If December hasn’t been your most disciplined month to date — I, for instance, have purchased more tree ornaments than is reasonable, and this morning I watched either nine or fourteen YouTube videos of K-pop group Big Bang — and you need a new culprit, you might consider blaming Facebook. Just don’t be surprised if nobody buys it.
Professors and researchers Keith Wilcox and Andrew T. Stephen recently published an article entitled “Are Close Friends the Enemy? Online Social Networks, Self-Esteem, and Self-Control” in the Journal of Consumer Research, proposing that active Facebook use tailored toward enhancing one’s self-image with close friends contributes to increased self-worth, which, in turn (somewhat confusingly), leads to loss of self-control.
In other words: When you log onto Facebook and, while there, consider what your closest Facebook buddies think of you, that social media experience heightens your self-worth. Which — allegedly — contributes to a declining self-control.
Their hypothesis was as follows: “We propose that while social network use does make people feel better about themselves, these increased feelings of self-worth can have a detrimental effect on behavior.” If it sounds like a weird study, that’s because it is.
The researchers allege their study finds that “greater social network use is associated with a higher body mass index, increased binge eating, a lower credit score, and higher levels of credit card debt for individuals with strong ties to their social network.” So should you quit Facebook?
Here is how this rather dubious study was run: Participants were asked either to focus on “strong ties” (by listing their five closest friends and to what extent those friends’ opinions mattered to them) or on “weak ties” (by listing their five most distant Facebook friends and their corresponding opinions’ worth). Half of each group was assigned to either the control group or the experiment group.
The study’s experimental group was instructed to log onto Facebook for just five minutes (!) and assess their self-worth in a quiz immediately following. The control group merely wrote about browsing Facebook for five minutes (they did not actually go on Facebook). The results showed that the participants focused on strong ties who actually went on Facebook rated their self-worth more highly that those who only wrote about being on Facebook. (There was no difference for those focused on weak ties). But because there was no measure taken of participants’ self-worth prior to the experiment, it seems like a fairly major leap to assume the quiz measured an enhanced self-worth that could be attributed to Facebook use itself.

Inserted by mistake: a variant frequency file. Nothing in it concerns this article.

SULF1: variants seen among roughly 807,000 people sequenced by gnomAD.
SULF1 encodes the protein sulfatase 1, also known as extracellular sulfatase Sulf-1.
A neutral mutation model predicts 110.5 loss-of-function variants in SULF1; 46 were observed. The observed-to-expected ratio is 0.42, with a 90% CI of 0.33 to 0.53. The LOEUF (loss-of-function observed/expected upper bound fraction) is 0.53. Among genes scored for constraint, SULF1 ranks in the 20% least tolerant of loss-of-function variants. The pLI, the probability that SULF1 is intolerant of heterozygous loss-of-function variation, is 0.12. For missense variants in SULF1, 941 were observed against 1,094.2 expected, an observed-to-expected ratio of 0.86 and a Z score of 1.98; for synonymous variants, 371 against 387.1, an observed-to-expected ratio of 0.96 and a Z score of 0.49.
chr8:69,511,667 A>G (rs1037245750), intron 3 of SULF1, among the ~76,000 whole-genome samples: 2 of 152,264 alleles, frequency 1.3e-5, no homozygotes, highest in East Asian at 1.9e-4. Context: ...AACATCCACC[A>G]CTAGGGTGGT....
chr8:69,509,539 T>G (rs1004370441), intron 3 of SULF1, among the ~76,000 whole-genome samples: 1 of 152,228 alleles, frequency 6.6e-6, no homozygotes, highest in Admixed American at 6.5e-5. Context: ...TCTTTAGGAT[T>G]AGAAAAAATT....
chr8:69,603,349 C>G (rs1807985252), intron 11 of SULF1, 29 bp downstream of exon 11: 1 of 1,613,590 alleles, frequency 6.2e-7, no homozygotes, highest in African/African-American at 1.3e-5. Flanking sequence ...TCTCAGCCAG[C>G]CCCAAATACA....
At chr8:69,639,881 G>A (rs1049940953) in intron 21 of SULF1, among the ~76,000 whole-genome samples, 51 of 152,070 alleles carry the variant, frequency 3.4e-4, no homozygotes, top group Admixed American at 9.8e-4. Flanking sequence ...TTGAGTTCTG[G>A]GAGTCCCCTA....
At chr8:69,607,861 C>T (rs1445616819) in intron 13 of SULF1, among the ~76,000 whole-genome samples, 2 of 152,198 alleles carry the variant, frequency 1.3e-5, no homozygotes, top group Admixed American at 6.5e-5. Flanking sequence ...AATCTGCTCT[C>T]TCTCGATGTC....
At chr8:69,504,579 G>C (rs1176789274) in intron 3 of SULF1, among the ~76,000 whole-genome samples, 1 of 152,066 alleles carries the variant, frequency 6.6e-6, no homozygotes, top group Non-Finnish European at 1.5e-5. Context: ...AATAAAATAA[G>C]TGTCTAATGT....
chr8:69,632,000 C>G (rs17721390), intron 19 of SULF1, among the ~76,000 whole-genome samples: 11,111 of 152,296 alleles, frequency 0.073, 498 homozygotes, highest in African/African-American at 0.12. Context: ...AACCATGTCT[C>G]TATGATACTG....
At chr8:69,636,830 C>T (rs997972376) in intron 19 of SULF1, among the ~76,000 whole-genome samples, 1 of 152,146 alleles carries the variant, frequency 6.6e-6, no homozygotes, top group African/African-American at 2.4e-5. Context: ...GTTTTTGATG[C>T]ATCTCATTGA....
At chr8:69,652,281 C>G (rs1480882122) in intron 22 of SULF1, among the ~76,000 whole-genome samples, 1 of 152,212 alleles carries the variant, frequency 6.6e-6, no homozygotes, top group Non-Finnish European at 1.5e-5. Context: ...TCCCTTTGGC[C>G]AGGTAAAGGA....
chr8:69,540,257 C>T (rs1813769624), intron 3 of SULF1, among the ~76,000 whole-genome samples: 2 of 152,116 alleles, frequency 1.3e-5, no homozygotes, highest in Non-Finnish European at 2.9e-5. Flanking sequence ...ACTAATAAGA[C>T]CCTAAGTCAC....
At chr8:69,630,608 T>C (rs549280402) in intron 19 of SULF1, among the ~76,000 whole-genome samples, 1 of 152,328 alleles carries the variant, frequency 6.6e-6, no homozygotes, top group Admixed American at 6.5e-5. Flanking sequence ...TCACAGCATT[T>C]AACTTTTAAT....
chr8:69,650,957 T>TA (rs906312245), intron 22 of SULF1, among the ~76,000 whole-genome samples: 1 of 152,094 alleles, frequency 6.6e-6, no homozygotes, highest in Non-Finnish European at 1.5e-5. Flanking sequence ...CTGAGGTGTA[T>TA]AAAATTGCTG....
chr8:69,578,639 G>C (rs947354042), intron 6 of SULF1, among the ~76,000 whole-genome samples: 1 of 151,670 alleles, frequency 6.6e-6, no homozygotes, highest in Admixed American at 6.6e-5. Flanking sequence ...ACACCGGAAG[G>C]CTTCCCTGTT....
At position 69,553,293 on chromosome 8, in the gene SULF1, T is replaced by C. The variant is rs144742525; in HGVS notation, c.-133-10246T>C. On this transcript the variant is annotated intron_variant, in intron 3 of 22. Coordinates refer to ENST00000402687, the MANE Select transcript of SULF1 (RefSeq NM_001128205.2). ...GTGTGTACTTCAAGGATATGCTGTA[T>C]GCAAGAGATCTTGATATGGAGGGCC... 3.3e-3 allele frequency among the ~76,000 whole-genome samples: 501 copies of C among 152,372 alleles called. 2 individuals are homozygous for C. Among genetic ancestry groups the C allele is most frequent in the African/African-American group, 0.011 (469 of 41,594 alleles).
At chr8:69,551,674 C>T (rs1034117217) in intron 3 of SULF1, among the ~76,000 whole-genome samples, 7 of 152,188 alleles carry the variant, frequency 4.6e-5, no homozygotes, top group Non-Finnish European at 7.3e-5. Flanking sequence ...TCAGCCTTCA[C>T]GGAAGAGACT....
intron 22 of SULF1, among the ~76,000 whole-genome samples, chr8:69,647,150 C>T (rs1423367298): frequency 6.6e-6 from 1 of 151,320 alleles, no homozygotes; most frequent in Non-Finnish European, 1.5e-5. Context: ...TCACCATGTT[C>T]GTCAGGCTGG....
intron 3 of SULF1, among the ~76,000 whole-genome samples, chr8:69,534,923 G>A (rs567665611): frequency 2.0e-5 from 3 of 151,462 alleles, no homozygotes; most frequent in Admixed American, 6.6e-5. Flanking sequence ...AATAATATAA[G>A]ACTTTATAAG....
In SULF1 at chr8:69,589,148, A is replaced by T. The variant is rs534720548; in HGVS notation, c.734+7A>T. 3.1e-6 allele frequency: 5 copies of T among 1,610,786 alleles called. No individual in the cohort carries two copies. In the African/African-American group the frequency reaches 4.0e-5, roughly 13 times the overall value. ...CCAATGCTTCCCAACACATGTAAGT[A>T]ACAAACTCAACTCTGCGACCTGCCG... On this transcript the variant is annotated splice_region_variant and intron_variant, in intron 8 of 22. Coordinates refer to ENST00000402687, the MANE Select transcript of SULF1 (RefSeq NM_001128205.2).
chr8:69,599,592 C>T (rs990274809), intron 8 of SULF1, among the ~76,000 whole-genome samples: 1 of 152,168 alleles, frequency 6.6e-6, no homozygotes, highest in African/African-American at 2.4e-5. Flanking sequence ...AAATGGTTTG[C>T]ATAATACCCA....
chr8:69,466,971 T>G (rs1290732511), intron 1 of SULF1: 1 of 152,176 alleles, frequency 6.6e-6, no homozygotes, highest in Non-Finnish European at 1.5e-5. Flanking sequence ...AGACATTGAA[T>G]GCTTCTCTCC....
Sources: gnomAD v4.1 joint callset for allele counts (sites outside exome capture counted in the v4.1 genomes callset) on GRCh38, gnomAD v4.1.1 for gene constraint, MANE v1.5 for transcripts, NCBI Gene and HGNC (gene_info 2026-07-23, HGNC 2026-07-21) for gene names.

An additional experiment presented in this study asked participants to browse either CNN (the control group) or Facebook (the experimental group) for five minutes and to then choose between a healthy snack (a granola bar) or an unhealthy option (a cookie). Researchers found that among participants focused on self-image regarding close Facebook friends, those who browsed Facebook for five minutes were more likely to want cookies than were those who browsed CNN for five minutes — which is one of those things you wish statisticians would say out loud to see what it sounds like before putting it in an academic journal. “Spending five minutes on Facebook makes you eat a cookie instead of a granola bar.” Ah, that sounded silly, I’m sorry.
The study also makes a lot of gross assumptions about what it means to lack self-control — being overweight or poor, mostly. Wilcox and Stephen write that “poor self-control is associated with making unhealthier food choices and a greater likelihood of engaging in binge eating.” They also note that they “asked participants their height and weight so that we could calculate their body mass index (BMI), which is a widely used proxy for human body fat (Mills 2008).” BMI may be widely used, but it’s also a controversial and often discredited measure of one’s status as “overweight,” and it seems problematic, TO SAY THE LEAST, to attribute each pound of one’s body to a misstep from the path of righteousness.
Wilcox and Stephen also note that study participants with strong Facebook ties who reported higher levels of Facebook usage were also found to have higher credit card debt, implying that spending all that time on Facebook is what’s keeping you poor. However, neither this finding nor the supposed link between Facebook use and BMI use statistics that control for other likely contributing factors, like weight change over time, type of employment (sedentary work, a potential interacting variable, could cause both weight gain and increased Facebook usage), or whether or not the participant is unemployed (which could lead to both higher Facebook usage and higher credit card debt). Nor does it establish a chronological order to the events behaviors studied — these data were collected in a snapshot survey, failing to examine whether long-term Facebook use changes any of the dependent variables mentioned.
In short: Wilcox and Stephen have found nothing worth quitting Facebook over. Have a cookie.
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